The third phase of New Brunswick’s COVID-19 recovery plan begins on Friday and will be rolled out over the course of several weeks.
“We have limited the spread of COVID-19 within our borders. Now we can focus more on support businesses and organizations as well all adjust to the new normal,” said Premier Blaine Higgs.
“We are still facing a global pandemic and this will continue to bring unforeseen challenges.”
The third, or “yellow” phase, will allow New Brunswickers to get a haircut as barbers and hairstylists are permitted to open.
Social bubbles will also be extended to include family and friends, but the government is still asking people to keep their bubbles as small as possible and keep indoor gatherings to 10 or fewer people.
On May 29, more businesses will be permitted to open, including swimming pools saunas and water parks, yoga and dance studios, gyms and rinks.
That same day “low contact” sports will be permitted, provided they can show how they plan to limit close contact.
Dr. Jennifer Russell, New Brunswick’s chief medical officer of health, said public health officials will work with sports leagues to ensure they can begin with as little risk as possible.
The province’s regional health authorities will also be increasing the number of elective procedures being performed.
As of June 19 overnight camps will be allowed to operate.
While people will be left to decide who will enter their bubble of close family and friends, officials are still asking people to use their best judgement and keep them as small as possible.
Russell acknowledged that every step on the path to recovery involves risk and says the government has to trust people to do the right thing.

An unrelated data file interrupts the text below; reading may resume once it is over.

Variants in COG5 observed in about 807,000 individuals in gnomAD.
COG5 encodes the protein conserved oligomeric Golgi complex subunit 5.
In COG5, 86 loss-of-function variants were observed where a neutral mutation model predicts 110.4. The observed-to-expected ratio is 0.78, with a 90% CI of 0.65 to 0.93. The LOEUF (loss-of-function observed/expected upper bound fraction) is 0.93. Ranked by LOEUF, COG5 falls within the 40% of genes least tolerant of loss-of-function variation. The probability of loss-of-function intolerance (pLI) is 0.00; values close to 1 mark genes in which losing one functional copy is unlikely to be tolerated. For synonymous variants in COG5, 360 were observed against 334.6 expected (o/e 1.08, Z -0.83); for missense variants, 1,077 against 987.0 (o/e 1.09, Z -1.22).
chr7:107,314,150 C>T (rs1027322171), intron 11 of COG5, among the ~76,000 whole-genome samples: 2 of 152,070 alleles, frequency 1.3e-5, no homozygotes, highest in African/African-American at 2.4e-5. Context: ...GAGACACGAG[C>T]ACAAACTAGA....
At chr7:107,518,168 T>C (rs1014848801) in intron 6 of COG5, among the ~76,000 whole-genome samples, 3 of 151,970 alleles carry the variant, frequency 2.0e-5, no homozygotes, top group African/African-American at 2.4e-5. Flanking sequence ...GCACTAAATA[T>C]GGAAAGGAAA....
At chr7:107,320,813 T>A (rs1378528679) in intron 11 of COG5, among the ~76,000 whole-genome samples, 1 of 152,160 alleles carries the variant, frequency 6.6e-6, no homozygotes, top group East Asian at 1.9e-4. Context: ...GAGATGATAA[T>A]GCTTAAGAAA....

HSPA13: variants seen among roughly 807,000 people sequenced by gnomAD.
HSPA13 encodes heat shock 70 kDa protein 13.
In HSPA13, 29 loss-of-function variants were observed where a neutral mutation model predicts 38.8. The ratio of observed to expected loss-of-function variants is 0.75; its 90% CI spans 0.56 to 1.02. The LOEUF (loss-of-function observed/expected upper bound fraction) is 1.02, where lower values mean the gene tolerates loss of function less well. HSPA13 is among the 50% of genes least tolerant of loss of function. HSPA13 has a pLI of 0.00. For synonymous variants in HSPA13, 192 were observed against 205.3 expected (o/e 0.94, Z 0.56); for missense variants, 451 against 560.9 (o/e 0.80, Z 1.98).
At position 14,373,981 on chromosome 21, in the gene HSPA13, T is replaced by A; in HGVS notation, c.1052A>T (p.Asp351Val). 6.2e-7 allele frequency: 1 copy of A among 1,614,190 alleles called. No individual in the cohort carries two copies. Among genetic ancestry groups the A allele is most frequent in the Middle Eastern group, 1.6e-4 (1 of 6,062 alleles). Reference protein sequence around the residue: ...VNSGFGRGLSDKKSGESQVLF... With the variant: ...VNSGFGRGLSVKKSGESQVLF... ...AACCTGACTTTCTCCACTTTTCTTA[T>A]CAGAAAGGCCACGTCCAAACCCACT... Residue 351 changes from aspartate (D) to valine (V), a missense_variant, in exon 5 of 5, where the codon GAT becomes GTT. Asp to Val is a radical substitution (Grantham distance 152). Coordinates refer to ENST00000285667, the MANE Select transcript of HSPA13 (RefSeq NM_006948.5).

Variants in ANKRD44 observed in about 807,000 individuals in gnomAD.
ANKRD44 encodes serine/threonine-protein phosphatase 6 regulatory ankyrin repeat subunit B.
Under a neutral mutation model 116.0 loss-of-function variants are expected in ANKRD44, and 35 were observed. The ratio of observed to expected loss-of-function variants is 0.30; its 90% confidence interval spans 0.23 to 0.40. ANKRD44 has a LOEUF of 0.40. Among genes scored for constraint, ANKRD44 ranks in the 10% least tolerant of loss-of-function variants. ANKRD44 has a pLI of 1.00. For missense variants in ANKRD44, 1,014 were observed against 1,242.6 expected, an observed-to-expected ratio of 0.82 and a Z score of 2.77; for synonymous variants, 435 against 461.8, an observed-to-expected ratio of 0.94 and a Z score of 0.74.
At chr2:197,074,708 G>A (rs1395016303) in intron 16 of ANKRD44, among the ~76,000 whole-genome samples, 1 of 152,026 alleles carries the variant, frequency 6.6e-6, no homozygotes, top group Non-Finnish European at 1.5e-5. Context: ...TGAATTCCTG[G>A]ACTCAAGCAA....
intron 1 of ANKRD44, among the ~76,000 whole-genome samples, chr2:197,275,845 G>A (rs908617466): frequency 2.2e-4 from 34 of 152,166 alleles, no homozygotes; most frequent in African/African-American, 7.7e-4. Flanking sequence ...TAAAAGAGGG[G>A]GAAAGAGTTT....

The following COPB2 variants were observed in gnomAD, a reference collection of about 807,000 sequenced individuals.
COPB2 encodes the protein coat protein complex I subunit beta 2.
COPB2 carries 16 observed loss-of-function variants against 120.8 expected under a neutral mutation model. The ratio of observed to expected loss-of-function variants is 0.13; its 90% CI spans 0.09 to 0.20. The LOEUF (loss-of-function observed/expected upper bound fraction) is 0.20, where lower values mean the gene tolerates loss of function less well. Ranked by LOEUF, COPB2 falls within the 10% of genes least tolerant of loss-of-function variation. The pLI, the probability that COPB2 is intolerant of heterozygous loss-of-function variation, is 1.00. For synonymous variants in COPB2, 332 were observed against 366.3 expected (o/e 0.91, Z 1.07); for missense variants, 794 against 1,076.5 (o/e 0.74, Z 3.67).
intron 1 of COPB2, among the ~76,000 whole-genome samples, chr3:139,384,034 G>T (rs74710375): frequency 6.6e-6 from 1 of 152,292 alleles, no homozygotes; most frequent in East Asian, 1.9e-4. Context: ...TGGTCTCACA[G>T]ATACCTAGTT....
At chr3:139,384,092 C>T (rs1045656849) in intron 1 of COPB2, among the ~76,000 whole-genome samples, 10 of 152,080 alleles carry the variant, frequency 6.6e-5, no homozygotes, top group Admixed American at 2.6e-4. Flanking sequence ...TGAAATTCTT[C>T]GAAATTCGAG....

“It’s about balancing those risks and trusting the public to do the right thing,” she said. “They have to continue to act like COVID-19 is still circulating in the province within the province and will continue to do so … while outside of our borders have cases all around.”
Russell says that physical distancing is still encouraged “at all times” when in public.
“That is going to be the guidance in perpetuity while we wait for a vaccine,” she said.
Health officials say no new cases have been recorded since Thursday when the province reported its first new case of COVID-19 in two weeks.
The total of confirmed cases currently sits at 121 with only one case being considered active.
There have been no COVID-19 deaths in New Brunswick.
Questions about COVID-19? Here are some things you need to know:
Symptoms can include fever, cough and difficulty breathing — very similar to a cold or flu. Some people can develop a more severe illness. People most at risk of this include older adults and people with severe chronic medical conditions like heart, lung or kidney disease. If you develop symptoms, contact public health authorities.
To prevent the virus from spreading, experts recommend frequent handwashing and coughing into your sleeve. They also recommend minimizing contact with others, staying home as much as possible and maintaining a distance of two metres from other people if you go out.
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